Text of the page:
Tuesday, June 28, 2016

The New York Institute of Music -- No. 560 West End Avenue

The turret window panes would have originally been curved to conform to the rounded shape.

William Earl Dodge Stokes was as colorful as he was wealthy.  For decades the multimillionaire would shake society with his marriages, divorces, law suits, an apparent illegitimate child and his being shot by a rebuffed actress.  But he is also best remembered for his tireless development of the Upper West Side.  Stokes envisioned Broadway (known as The Boulevard at the time) as rivaling the fashionable Champs Elysees in Paris and his residential structures in the neighborhood followed suit.

In 1889 Stokes’s architect of choice was Joseph H. Taft; and he was being kept busy.  That year, in March, Taft worked on designs for 20 upscale houses on the west side of West End Avenue, between 86th and 88th Street; and within a few months he designed five more on the opposite of the Avenue, Nos. 560 through 568, between 87th and 88th Street.

That last project, completed in 1890, was anchored by No. 560 on the northeast corner of West End Avenue and 87th Street.   The brick and stone mansion rose four stories above a high basement and was decorated with deeply-carved panels, elaborate Flemish Renaissance dormers which nestled into the steep tiled roof and engaged towers which terminated in bell-shaped caps.  While the entrance was centered on the 100-foot long 87th Street side; the residence took the more impressive West End Avenue address.

Despite the narrow West End Avenue width, Taft managed to squeeze in a second tower.

On August 18, 1892 Peter Gilsey, Jr. quietly married Caroline Dreyer in City Hall.  It was followed by a one-line announcement published by Gilsey’s wealthy and high profile family.  The Evening World, in response, wrote “The above was the dry announcement published this morning of a most romantic marriage.”

The newspaper recounted that six months earlier the 27-year old Gilsey had stopped into Hamper’s candy store at No. 9 Wooster Street.  “Caroline Dreyer dealt out the saccharine wares of the establishment.  Just turned nineteen, with snow-white complexion, chestnut hair and large brown eyes, tall, graceful, well-developed, moderately educated—such was Caroline Dreyer and Peter Gilsey, jr., fell in love with her.”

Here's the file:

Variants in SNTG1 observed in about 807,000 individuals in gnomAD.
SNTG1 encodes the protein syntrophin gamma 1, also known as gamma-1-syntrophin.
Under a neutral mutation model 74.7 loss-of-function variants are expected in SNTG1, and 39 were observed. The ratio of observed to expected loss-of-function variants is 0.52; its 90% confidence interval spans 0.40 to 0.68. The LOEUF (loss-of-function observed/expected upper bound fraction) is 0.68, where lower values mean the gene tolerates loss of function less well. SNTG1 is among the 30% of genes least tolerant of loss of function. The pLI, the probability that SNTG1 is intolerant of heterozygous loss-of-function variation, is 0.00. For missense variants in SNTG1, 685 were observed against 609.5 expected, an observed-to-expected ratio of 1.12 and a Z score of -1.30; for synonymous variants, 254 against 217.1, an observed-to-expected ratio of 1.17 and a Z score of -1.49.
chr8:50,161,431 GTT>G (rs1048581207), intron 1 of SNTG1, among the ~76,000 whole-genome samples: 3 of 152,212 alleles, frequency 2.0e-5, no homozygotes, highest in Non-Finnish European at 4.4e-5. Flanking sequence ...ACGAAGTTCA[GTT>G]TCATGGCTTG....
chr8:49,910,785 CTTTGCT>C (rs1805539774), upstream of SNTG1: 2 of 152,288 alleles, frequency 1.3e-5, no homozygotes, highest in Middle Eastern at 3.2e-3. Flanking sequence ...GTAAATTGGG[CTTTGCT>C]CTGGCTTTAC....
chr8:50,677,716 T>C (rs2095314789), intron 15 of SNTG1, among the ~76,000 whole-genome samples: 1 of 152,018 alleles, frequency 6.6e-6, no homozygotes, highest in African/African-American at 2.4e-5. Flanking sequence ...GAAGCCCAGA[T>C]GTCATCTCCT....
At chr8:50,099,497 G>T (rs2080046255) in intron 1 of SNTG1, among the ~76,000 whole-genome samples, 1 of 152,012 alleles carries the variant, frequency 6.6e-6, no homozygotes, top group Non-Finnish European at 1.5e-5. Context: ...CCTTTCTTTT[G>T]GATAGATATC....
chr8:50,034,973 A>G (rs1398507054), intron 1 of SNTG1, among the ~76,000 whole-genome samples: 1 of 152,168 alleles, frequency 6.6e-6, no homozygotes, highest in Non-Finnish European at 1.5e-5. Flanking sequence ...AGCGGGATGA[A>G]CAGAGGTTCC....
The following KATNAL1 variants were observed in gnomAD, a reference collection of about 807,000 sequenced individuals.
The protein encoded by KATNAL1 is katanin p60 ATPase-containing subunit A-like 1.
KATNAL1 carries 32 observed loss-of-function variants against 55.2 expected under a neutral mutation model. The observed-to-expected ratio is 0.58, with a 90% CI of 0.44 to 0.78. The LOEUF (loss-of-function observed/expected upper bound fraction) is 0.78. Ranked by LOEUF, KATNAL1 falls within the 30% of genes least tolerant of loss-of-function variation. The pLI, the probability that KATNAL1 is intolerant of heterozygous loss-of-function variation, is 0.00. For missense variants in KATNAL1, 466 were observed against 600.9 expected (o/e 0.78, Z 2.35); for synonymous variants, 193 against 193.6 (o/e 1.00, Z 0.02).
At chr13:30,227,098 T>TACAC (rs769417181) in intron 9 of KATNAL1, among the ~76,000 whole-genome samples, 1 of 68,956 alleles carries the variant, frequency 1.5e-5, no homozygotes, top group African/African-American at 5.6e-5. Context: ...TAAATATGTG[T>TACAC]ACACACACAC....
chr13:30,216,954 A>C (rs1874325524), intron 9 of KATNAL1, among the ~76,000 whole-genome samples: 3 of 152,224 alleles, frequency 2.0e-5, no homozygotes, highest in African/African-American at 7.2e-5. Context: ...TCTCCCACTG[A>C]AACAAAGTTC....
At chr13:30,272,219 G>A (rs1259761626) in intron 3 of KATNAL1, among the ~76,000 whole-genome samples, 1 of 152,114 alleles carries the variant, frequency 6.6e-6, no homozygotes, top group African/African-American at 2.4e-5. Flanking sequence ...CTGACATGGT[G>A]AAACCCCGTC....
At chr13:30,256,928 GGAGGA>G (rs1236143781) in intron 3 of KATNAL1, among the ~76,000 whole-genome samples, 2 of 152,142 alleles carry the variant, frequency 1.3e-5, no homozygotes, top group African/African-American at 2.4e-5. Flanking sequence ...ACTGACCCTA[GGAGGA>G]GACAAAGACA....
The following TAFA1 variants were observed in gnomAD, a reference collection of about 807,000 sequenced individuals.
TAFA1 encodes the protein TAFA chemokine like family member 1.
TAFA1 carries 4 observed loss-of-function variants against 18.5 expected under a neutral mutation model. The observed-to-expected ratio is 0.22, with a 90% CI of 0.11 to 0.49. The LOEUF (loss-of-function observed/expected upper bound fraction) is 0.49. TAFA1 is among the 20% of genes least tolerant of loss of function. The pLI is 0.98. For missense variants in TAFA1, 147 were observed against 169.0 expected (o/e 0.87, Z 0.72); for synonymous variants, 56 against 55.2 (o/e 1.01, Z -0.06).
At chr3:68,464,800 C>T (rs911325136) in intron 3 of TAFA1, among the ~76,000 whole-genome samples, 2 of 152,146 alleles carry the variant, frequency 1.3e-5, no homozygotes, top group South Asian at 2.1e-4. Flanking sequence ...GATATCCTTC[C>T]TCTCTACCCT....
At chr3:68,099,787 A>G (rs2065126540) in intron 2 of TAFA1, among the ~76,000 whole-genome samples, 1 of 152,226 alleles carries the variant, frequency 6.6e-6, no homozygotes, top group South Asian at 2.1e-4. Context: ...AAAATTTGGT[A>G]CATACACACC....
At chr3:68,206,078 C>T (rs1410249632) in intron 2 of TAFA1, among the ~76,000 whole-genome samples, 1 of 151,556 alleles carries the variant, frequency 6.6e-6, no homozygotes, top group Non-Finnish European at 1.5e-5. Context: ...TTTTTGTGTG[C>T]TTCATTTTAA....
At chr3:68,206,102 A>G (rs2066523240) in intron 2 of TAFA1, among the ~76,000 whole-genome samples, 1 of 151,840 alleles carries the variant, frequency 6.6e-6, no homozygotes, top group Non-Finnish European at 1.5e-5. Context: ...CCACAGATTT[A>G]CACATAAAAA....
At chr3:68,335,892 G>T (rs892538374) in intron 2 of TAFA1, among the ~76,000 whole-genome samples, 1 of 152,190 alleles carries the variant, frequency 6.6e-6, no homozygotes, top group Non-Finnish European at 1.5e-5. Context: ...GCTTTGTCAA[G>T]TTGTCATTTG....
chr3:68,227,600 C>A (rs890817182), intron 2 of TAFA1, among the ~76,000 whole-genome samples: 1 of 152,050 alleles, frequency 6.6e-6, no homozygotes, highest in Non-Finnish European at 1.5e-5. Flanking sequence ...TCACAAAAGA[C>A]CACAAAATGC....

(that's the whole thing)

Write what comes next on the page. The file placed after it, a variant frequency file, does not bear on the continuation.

The socially-mismatched couple eventually won over the support of Peter’s uncle, John Gilsey; the first step in the family’s acceptance.  By 1901 Peter Gilsey was listing his home address as No. 560 West End Avenue.  The couple would stay in the mansion until 1905.

The array of sumptuous carvings culminated in the gable panel.

That year Bessie Clay took over the house as home to her West End Conservatory of Music.   The New-York Tribune reported “The first regular recital of Miss Clay’s conservatory will, it is announced, be given on Wednesday, November 23.”

Well-known and respected in the music world, Bessie Clay’s facility offered musical instruction by some of the nation’s preeminent instructors.  Students from out of town boarded in the house as well, the New-York Tribune noting on September 24, 1905 “The Institute also offers special home care and social privileges to resident students.”   By the time of its opening, the school’s name was changed to the New York Institute of Music. 

The Sun, October 22, 1905 (copyright expired)

The Musical Courier described it in 1907 saying it “is one of the most attractive schools of music in Greater New York, and in the country at large, for that matter.  Beautifully situated in the Riverside section, surrounded by churches and handsome residences, it appeals at once to persons of refined and artistic tastes.  As to the methods of Miss Clay and the faculty, including some of the world’s noted pedagogues, it is enough to say, that nothing is left undone to make students realize that thoroughness is the foundation of their musical equipment.”